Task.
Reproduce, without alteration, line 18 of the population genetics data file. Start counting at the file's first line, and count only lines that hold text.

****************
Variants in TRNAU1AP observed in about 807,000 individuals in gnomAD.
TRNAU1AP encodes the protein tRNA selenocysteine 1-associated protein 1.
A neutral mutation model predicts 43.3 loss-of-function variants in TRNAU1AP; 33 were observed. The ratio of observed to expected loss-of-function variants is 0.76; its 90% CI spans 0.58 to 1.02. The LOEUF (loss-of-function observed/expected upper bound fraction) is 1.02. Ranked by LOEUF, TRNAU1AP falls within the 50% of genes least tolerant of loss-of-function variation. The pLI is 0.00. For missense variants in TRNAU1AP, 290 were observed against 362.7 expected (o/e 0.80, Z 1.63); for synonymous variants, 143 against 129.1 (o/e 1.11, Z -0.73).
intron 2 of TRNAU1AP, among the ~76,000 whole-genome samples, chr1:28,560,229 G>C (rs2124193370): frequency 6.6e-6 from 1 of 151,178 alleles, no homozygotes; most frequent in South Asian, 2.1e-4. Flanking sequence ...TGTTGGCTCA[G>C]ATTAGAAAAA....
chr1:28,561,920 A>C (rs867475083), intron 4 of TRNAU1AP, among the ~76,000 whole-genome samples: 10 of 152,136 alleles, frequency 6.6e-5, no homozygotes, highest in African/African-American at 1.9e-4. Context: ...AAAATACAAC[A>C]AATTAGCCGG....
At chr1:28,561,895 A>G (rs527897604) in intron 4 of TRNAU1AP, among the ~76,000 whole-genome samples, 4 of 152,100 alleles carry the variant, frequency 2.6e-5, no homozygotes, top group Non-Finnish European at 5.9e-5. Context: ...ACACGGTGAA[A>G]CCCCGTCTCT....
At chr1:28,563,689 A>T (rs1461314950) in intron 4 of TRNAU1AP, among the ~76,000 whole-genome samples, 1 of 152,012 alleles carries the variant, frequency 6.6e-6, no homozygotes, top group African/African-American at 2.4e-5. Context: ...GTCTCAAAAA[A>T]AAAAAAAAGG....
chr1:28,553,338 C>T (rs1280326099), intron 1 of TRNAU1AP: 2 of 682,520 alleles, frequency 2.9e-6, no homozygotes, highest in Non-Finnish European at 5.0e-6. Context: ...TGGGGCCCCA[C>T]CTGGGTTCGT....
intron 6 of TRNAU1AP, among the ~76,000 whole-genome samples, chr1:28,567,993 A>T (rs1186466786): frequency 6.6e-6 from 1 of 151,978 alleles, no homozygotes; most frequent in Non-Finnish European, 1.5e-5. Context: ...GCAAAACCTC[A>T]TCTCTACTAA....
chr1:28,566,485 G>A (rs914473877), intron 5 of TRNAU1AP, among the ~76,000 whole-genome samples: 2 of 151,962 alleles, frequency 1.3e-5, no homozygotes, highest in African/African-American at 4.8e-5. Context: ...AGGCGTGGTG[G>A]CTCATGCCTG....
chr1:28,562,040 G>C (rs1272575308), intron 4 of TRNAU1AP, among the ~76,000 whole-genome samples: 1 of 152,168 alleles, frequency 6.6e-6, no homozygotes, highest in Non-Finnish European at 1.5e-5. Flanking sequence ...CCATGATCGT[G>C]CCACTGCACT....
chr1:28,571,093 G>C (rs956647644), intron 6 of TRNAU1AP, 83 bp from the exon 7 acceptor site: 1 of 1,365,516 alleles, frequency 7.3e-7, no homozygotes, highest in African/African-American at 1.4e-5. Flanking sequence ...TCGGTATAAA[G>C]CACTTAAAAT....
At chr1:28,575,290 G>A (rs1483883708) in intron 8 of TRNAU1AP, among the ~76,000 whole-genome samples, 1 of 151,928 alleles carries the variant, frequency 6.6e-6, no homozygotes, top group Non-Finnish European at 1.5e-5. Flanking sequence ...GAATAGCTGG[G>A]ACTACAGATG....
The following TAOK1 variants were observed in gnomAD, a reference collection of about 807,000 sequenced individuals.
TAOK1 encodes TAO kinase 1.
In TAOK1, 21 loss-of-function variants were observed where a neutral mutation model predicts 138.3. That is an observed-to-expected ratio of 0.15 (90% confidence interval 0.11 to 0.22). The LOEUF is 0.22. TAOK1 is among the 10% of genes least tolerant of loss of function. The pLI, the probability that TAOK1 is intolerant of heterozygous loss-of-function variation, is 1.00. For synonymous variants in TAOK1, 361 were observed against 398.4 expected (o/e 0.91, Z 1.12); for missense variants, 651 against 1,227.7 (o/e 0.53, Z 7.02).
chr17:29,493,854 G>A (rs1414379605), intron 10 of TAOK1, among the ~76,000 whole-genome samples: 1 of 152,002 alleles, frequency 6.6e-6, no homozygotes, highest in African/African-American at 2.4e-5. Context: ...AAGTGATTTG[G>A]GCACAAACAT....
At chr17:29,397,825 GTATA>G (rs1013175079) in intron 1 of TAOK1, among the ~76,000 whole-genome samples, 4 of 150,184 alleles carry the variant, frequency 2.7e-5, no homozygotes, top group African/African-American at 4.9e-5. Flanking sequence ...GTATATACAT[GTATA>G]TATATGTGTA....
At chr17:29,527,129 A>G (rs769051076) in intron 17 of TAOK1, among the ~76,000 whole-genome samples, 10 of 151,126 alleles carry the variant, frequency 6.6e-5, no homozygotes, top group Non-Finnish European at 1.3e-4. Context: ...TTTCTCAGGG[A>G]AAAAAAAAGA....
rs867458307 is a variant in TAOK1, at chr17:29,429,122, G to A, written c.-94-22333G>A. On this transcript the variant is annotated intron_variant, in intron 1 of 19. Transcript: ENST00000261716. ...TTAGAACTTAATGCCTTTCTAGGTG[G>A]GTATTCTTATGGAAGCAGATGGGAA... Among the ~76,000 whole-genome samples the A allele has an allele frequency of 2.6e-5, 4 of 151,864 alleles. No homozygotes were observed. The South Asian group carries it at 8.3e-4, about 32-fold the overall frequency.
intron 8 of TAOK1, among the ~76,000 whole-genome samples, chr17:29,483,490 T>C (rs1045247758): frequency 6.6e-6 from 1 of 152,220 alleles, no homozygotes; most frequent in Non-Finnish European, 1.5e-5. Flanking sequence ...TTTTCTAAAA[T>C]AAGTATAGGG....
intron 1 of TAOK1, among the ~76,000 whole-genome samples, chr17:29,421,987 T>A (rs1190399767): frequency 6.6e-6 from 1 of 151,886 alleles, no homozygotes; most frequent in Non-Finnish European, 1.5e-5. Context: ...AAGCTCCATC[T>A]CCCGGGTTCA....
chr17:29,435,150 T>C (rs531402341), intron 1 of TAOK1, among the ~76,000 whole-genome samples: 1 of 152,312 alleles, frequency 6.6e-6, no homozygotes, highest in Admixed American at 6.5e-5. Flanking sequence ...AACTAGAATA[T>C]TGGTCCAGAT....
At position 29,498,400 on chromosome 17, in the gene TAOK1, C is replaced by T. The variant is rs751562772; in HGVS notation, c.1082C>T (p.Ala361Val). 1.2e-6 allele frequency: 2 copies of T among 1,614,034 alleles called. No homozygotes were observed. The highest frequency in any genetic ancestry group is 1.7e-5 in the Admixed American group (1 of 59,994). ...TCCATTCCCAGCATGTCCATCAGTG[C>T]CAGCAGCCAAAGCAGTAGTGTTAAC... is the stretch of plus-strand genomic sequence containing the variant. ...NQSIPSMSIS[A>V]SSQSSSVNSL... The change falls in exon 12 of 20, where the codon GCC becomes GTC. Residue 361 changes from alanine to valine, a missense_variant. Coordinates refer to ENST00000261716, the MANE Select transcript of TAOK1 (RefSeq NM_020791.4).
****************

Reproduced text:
At chr17:29,397,825 GTATA>G (rs1013175079) in intron 1 of TAOK1, among the ~76,000 whole-genome samples, 4 of 150,184 alleles carry the variant, frequency 2.7e-5, no homozygotes, top group African/African-American at 4.9e-5. Flanking sequence ...GTATATACAT[GTATA>G]TATATGTGTA....